People with Alzheimer's disease may be less apt to get cancer and people with cancer may be less apt to get Alzheimer's disease, new research hints.
Discovering the links between these two conditions may help us better understand both diseases and open up avenues for possible treatments, Dr. Catherine M. Roe of Washington University School of Medicine in St. Louis, noted in a written statement from the American Academy of Neurology.
According to a report published today in the academy's journal Neurology, Roe and her team studied 3,020 people aged 65 and older. These individuals were followed for an average of five years to see whether they developed dementia and an average of eight years to see whether they developed cancer.
At the start of the study, 164 people (5.4 percent) already had Alzheimer's disease and 522 people (17.3 percent) already had a cancer diagnosis. During the study, 478 people developed dementia and 376 people developed cancer.
The researchers found that, for people who had Alzheimer's disease at the outset, the risk of future cancer was reduced by 69 percent compared to those who did not have Alzheimer's disease when the study started.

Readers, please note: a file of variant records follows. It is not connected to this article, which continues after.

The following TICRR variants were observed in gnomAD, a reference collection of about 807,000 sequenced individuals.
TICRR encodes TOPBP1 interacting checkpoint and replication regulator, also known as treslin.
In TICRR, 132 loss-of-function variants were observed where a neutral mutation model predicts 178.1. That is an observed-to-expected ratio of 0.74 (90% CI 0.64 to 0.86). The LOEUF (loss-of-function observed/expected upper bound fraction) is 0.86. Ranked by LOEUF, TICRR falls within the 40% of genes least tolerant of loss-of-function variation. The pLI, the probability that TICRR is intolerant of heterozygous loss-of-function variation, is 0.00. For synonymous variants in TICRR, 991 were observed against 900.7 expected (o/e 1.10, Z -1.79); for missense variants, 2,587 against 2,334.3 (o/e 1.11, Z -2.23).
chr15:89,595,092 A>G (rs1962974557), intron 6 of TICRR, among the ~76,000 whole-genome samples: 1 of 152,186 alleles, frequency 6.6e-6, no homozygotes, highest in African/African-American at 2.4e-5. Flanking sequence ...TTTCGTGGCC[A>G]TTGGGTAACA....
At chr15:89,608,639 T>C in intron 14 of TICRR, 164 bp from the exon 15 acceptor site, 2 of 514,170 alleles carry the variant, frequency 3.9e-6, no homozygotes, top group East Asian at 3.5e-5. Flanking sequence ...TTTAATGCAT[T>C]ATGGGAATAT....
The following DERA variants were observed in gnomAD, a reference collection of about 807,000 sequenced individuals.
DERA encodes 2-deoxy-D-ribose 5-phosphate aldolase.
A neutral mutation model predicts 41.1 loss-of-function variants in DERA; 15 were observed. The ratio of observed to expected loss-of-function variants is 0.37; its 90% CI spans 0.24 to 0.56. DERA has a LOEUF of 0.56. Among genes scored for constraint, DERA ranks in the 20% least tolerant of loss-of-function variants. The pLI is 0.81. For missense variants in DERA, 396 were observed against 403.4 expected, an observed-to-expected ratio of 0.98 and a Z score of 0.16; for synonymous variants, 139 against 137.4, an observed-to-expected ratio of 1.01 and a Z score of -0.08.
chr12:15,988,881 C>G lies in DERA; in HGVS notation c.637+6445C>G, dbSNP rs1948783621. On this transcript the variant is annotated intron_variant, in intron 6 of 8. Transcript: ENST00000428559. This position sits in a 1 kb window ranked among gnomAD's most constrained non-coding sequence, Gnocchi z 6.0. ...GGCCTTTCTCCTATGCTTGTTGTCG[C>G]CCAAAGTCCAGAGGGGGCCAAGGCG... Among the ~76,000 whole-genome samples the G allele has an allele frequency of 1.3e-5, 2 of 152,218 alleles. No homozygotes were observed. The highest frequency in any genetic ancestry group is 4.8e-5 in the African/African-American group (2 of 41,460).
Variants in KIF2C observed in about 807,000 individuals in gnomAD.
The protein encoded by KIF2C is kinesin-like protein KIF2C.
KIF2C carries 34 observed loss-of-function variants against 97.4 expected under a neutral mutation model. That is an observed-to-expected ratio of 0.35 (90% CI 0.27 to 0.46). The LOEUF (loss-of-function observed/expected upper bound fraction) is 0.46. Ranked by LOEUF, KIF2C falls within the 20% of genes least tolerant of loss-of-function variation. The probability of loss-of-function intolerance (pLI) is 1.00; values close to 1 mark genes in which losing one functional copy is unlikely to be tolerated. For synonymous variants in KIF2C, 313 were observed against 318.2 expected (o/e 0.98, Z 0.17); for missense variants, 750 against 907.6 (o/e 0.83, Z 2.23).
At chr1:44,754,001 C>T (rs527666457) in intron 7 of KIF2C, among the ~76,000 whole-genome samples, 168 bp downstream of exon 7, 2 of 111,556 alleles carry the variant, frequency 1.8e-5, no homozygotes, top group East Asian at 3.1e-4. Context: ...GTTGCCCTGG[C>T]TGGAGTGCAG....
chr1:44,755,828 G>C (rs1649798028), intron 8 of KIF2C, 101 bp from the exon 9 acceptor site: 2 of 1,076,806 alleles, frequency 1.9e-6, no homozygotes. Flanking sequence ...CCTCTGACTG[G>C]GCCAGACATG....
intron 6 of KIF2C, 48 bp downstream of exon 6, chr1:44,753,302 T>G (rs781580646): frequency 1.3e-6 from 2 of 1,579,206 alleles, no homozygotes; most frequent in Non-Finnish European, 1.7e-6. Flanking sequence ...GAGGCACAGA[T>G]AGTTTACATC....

For white people who had cancer when the study started, their risk of developing Alzheimer's disease was reduced by 43 percent compared to people who did not have cancer at the start of the study.
This effect, however, did not apply to minority populations. In fact, the opposite effect was observed in minority populations -- those who started out with cancer at the beginning of the study were more likely to develop Alzheimer's disease. However, the sample size of minorities starting off with cancer (29 individuals) was too small for the result to be considered significant.
Overall, the results of this study support previous findings that cancer and brain degenerative diseases such as Parkinson's and Alzheimer's disease may share common molecular underpinnings. However, Roe noted in an email to Reuters Health, Since we found no associations between vascular dementia and cancer, we don't think that cancer is linked to dementia generally.
Vascular dementia, the second most common form of dementia after Alzheimer's disease, is caused by clogged blood vessels and other conditions affecting the blood supply to the brain. Based on the current study, only the degenerative form of dementia, and not the form caused by lack of blood to the brain, appears to be somehow protective against cancer.
In future studies, We would like to examine whether relationships between cancer and Alzheimer's disease differ, depending on the type of cancer one has, Roe said.
SOURCE: Neurology, online December 23, 2009.